Yahoo! Shine is the entertainment/lifestyle/fashion chapter of Yahoo!, responsible for my occasional reading delight including this cool-as fashion article [titled ‘Scary Beautiful’] that I linked to Aych a while back. Sorry for the punctuation overload.
“I hate Anne Hathaway.” Alrighty then. Hate is a strong word, but that’s your call.
“I hate Anne Hathaway. I’m going to write about it.” OK, go for your life, if you have nothing better to do.
“I hate Anne Hathaway. I’m going to write about it. Many people will read it because I work for a popular online news publication. This will be just great, I’ll show that successful bitch.” Right, you’ve lost the plot.
Yesterday I read this Hate-on-Anne-Hathaway rant on Shine, and it made me sad. ‘Scary Beautiful’ was by the same writer, which made me even more sad because I had a reasonably good opinion of her thus far.
Joanna Douglas’ article, which featured on Yahoo! NZ’s main page, isn’t just in bad taste. It also feeds into three unfortunate cultural patterns:
- New Zealand’s inclination towards Tall Poppy Syndrome. Kiwis, expats, and immigrants can all likely sense NZ’s championing the under-polished achievers; those who, dare they ever climb the ladder of success, should be slandered for enjoying or celebrating their own achievements. Not everyone can rise to the illustrious and superfluous gig of Yahoo! Shine editor, but you would think those who manage to become successful with their writing would have a bit more class. The article suggests to me just how insecure the writer must feel if this is how she attracts readers. What’s more, Douglas is helping to bring down the already paltry standard of New Zealand journalism. *Amend: I realize Douglas does not work in NZ or for Yahoo! NZ.*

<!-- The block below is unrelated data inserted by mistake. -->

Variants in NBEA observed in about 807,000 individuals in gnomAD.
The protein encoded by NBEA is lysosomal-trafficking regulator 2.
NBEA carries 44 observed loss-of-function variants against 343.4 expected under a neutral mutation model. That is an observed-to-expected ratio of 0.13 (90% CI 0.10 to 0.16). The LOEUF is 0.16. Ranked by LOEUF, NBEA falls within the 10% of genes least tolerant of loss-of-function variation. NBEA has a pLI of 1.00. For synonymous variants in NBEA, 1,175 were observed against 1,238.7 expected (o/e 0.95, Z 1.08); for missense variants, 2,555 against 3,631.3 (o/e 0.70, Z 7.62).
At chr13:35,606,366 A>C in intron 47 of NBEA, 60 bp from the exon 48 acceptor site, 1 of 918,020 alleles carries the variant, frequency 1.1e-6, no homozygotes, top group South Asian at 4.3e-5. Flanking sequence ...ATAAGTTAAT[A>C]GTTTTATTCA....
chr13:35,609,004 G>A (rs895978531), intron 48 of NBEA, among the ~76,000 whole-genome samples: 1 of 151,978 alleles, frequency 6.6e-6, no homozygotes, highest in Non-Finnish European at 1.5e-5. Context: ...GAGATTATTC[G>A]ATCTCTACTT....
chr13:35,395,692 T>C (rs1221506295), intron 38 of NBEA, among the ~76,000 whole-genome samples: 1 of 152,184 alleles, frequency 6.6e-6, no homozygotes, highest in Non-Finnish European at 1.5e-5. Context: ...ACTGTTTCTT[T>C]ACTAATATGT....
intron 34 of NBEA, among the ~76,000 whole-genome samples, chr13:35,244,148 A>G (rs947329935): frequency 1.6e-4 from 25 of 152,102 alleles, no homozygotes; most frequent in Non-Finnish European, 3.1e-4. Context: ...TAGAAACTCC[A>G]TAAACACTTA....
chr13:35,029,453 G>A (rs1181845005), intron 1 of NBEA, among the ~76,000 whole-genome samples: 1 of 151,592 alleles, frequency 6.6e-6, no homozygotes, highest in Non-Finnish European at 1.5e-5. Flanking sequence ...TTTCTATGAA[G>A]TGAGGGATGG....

- The gendered process of ‘relational aggression‘, and sexist views it breeds = the Regina George theory. Cattiness and gossip have been given a lot of attention in recent decades, almost exclusively as feminine processes. Resulting is a new form of legitimized sexism, on which we [as in the public at large, not just men] can dismiss a large portion of conflict/’drama’ that women face [which may have very real consequences].
- Popular culture’s subduing of leading women in film, television, etc. Women in lead roles face an uphill battle as it is. If you’re going to criticize, how about basing it on something relevant to her moral fibre or abilities as an actress? Oppressed groups need support from within, in my white/middle-class/male-privileged opinion. The all too real glass ceiling in the film industry does not need a double pane.
‘Why Do People Hate Anne Hathaway?’ the article is titled.
Why do people write about hate in a way that propagates it? Why does Douglas want to bring her fellow woman down? What is the point?